Review: Fiction: Jude In London by Julian Gough
Many of us who dreamed, as children, of being writers envisioned the romance of it, the struggle to be recognised, starving in the garret, putting art first. Most, when we stop dreaming, sell out and settle for money before art. Most, but not all, which is why I really admire someone like Julian Gough.
The Tipperary writer lives in Berlin, possibly the coolest city in the world (in a garret overlooking the Brandenburg, I like to think). He writes novels that are strange, uncompromising and uncommercial. He even, by his own admission, went bust while crafting the latest, Jude in London.
Most of all, Gough creates literature for its own sake -- an artist, not a pen-for-hire. You could imagine him wasting away in his Berlin bolthole, indigent and unrecognised, but defiant to the last. Happy, even, because he created something of worth and lived true to himself.
Now, we say unrecognised but that's not quite true: he achieved a measure of fame with late-1980s pop group Toasted Heretic, and his fiction has won awards and been likened to Wodehouse and Kafka.
He's written plays for BBC Radio and this book has just been nominated for The Guardian's 'Not the Booker Prize', sparking off an entertaining row which degenerated into a debate about Galway's cultural demerits! But it's probably safe to say Gough hasn't had massive commercial success, which is a shame -- he writes fine books, inventive, sincere and well-crafted.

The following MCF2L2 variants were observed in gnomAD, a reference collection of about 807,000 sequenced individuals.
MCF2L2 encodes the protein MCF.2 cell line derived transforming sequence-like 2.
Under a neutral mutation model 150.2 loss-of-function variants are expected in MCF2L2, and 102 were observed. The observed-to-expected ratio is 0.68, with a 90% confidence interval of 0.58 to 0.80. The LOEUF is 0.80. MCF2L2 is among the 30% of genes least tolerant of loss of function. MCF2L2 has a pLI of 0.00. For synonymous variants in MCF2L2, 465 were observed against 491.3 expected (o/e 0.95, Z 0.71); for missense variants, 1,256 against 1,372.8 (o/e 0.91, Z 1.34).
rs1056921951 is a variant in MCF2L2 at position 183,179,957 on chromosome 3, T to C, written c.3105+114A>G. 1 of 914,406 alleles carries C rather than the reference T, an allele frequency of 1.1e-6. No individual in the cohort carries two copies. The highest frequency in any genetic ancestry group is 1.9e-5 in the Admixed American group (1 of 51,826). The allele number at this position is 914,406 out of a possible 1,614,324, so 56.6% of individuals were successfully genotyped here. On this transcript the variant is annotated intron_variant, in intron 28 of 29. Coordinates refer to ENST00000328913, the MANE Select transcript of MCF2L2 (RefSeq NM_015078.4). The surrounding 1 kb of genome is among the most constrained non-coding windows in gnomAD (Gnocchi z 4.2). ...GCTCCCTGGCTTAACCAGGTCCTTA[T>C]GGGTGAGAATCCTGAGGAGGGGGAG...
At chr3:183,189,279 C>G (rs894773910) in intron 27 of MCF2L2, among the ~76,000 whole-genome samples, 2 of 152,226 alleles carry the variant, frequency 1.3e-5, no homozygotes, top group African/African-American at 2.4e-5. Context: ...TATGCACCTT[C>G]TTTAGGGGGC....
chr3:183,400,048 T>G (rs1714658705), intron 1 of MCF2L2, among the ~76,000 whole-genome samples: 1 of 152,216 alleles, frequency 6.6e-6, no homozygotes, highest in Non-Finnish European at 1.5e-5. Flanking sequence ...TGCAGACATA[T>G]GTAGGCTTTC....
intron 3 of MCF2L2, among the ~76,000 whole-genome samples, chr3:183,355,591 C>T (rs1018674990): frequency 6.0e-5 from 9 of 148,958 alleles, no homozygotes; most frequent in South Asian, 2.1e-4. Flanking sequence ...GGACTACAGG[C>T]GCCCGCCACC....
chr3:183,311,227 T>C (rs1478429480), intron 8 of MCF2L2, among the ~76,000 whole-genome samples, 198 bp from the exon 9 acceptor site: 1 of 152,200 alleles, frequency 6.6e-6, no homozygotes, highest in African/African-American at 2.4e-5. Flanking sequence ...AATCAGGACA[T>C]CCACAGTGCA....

This picks up the outlandish story of the title character of its predecessor, Jude in Ireland. An orphan at large in the world, he still has a penis for a nose, still dreams of true-love Angela, and still has the uncanny knack of enmeshing himself in trouble.
Jude in London, unusually for a literary novel, is absolutely packed with plot: within a few chapters he's won the Turner Prize, killed the Poet Laureate, found and been rejected by Angela once more. . . and we're only getting started.
The book is outrageous and larger-than-life, full of picaresque situations, colourful characters and crackling dialogue, with lots of properly witty lines. I especially liked the description of a "pub of excessive Irishness".
Fans of Flann O'Brien or Roddy Doyle will love this -- and everyone else will enjoy it plenty.